, I got the AD&D cores — the Ifrit Dungeon Masters Guide, the classic Players Hand Book with the grinning red idol and the 1977 Monster Manual. They were in terribel shape, I got them second hand from a friend who (if I recall correctly — this was more than 30 years ago) was being forced to sell them by his parents. My folks were underwhelmed too.
That kept me going through junior high, and then in high school I moved more into Car Wars and Star Fleet Battles. D&D was always on the back burner though.
How did break into the RPG industry?
Ah, it’s the classic story — I knew a guy. When I got to college, this woman I knew from the theater department said, “Hey, I know this guy who runs a game, you’d like it.” That guy was Jonathan Tweet. At that time, he was selling insurance, living in a rundown house called The Woods, and developing a game that would later become Over The Edge. My whole life, I’d wanted to write for money, and as a college student I was already building a stack of rejection letters from short-form fiction magazines. When I found out you could write gaming stuff and get paid for it, I locked onto that idea with feverish intensity.
If you had to pick just one, what would be your favorite product that you worked on?
Picking just one is very difficult. I’ll cheat a little (or maybe just min-max?) and say the One Roll Engine. That’s turned into the fantasy game REIGN, the superhero games GODLIKE, WILD TALENTS and BETTER ANGELS, and the film noir game A DIRTY WORLD. It wasn’t my first time building mechanics from scratch, but I’m very pleased with how it turned out. It did start my infatuation with pulling as much information as possible out of a single die roll.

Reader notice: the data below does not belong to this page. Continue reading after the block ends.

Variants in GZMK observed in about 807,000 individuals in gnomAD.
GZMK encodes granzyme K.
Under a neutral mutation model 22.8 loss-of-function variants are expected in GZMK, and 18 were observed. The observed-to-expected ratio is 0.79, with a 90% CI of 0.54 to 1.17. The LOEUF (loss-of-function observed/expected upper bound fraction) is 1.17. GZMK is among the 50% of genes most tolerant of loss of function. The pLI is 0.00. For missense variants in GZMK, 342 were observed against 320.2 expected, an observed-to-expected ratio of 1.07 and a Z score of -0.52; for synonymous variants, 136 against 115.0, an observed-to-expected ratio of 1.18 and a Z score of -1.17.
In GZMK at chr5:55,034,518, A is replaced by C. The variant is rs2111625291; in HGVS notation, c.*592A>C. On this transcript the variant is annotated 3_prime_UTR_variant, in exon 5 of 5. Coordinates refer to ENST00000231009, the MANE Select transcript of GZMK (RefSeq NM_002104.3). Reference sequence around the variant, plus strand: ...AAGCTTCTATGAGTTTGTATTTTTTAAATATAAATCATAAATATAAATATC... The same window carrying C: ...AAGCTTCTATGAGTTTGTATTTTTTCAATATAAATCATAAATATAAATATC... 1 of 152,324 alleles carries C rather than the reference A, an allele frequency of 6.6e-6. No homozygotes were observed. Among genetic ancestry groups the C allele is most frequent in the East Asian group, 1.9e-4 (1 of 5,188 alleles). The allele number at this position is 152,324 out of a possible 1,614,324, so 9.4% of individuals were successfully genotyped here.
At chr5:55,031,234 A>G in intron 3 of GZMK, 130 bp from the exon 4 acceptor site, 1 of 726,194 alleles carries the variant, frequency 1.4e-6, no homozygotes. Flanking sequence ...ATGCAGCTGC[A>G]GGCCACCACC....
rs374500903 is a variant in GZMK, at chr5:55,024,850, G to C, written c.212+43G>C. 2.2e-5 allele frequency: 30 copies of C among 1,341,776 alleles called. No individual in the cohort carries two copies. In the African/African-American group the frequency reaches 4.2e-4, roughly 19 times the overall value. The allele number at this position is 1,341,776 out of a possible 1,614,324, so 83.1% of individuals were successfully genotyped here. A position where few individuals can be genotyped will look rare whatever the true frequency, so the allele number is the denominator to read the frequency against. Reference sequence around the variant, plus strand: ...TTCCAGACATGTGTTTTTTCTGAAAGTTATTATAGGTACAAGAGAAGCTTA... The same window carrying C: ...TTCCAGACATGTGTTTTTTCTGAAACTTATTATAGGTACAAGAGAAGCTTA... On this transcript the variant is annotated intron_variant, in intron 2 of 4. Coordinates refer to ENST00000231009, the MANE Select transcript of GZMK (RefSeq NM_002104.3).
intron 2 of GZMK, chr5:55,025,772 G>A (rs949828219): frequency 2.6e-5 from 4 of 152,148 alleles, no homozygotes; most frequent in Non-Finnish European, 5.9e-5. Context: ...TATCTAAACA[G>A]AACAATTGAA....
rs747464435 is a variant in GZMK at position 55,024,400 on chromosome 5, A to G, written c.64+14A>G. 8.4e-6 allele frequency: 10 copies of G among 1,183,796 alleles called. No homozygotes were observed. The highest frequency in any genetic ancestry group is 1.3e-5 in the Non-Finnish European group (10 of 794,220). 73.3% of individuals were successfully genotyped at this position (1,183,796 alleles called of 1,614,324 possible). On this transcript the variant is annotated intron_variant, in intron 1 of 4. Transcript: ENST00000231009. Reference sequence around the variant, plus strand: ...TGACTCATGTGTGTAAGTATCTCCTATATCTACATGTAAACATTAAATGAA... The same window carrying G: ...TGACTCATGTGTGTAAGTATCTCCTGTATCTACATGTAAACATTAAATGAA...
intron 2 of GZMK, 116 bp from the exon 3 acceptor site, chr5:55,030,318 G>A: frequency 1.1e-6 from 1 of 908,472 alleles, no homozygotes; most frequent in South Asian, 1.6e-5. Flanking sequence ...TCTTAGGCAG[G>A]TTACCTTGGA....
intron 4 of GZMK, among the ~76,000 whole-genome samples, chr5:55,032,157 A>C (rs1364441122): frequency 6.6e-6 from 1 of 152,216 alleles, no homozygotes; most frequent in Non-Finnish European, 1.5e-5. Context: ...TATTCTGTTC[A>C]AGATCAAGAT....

I have heard that Unknown Armies 3 will be coming out sometime this year. How did Unknown Armies come into existence?
As I mentioned, Tweet became a mentor for me and opened up a number of door, particularly those at Atlas Games. While there, I worked on WILDEST DREAMS with John Tynes and Robin Laws. Tynes had a pile of modern day occult ideas, and was looking for someone to build mechanics. I didn’t know any better than to commit to it, and he didn’t know any better than to let this guy with more enthusiasm than experience jump in and design half his game.
It turned out, somehow, to be a very fruitful partnership. Discussing it later, each of us confessed that we thought the other was doing all the heavy lifting. From my perspective, all I did was embroider his ideas and put together a fairly simple mechanic. From his perspective, he gave me a pile of raw ingredients and I turned it into a full meal. So that was fun.
How would you describe Unknown Armies?